The ongoing – and so far, inconclusive negotiations of the Trans-Pacific Partnership (TPP), must result in the free trade of dairy products between the United States, Canada and Japan, according to organizations representing America’s dairy farmers, processors and exporters. The U.S. Dairy Export Council (USDEC) and the National Milk Producers Federation (NMPF) also say progress on market access into those two markets has been frustratingly slow, and U.S. negotiators shouldn’t allow the process to drag on indefinitely.
The statement by the U.S. dairy groups follows ministerial-level meetings in Singapore on several contentious, yet-to-be resolved issues, including resistance by Canada and Japan to allow further market access for “sensitive” sectors, including dairy imports. The TPP involves a significant number of markets bordering the Pacific Ocean, including the United States, Australia, Brunei, Canada, Chile, Japan, Malaysia, Mexico, New Zealand, Peru, Singapore and Vietnam.
NMPF President and CEO Jim Mulhern noted, “The U.S. dairy industry is prepared to eliminate all tariffs affecting dairy trade with Canada and Japan, as long as they do the same. If Japan and Canada are not willing to make an effort and offer realistic market access to the U.S., then they are not serious about being part of TPP.”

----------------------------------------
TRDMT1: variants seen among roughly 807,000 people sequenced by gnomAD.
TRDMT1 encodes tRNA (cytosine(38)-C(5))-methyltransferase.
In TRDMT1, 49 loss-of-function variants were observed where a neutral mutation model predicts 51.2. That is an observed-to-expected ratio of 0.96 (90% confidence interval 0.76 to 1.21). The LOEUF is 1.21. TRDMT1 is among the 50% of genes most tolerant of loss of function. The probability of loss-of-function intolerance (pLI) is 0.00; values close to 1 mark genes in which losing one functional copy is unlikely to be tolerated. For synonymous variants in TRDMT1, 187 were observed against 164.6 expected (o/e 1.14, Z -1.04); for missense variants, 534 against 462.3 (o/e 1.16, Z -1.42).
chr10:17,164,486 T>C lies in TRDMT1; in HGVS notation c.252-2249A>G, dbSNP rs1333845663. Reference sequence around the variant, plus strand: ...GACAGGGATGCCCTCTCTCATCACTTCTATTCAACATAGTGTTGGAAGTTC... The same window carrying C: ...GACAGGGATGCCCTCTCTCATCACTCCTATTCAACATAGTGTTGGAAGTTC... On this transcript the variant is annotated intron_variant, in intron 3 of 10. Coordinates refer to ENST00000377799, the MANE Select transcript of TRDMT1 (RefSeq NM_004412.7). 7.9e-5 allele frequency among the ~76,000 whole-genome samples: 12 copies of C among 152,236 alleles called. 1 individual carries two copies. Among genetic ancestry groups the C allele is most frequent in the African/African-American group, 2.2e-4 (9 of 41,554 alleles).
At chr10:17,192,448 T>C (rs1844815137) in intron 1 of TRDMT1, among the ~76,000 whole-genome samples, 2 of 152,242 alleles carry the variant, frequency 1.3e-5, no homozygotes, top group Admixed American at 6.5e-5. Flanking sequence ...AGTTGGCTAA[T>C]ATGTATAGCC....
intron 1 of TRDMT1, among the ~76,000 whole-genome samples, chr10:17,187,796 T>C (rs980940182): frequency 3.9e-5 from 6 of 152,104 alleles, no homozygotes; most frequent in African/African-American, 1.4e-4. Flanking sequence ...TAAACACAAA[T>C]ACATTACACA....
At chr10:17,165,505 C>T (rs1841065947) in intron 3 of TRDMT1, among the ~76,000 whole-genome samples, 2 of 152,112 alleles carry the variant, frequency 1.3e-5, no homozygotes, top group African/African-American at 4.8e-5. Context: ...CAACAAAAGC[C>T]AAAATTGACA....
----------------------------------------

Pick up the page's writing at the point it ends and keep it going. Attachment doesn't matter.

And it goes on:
“It is time to finish the Trans-Pacific Partnership negotiations, including resolving the treatment of agricultural trade,” said Tom Suber, president of USDEC. “The principle of creating comprehensive market access is too important to this and future trade agreements. Therefore, if Japan and Canada are not committed to this goal, we need to move forward without them.”
Suber noted that the U.S. dairy sector, in consultation with government officials, “has been patient and flexible with our Japanese and Canadian friends, but we are running out of both patience and time. We strongly believe there is an achievable deal to which both countries can agree, but that deal must include substantial market access for our products. It cannot be any other way.”
In addition to addressing market access, both organizations noted that any comprehensive agreement also must include effective disciplines for applying sanitary and phytosanitary (SPS) measures that are science-based and enforceable, and preventing restrictions on the use of common food products.
Finally, the two U.S. dairy industry groups reiterated their concerns regarding New Zealand’s monopolistic dairy structure that creates unfair commercial advantages for a single company, and reminded US negotiators that the TPP talks must address that concern.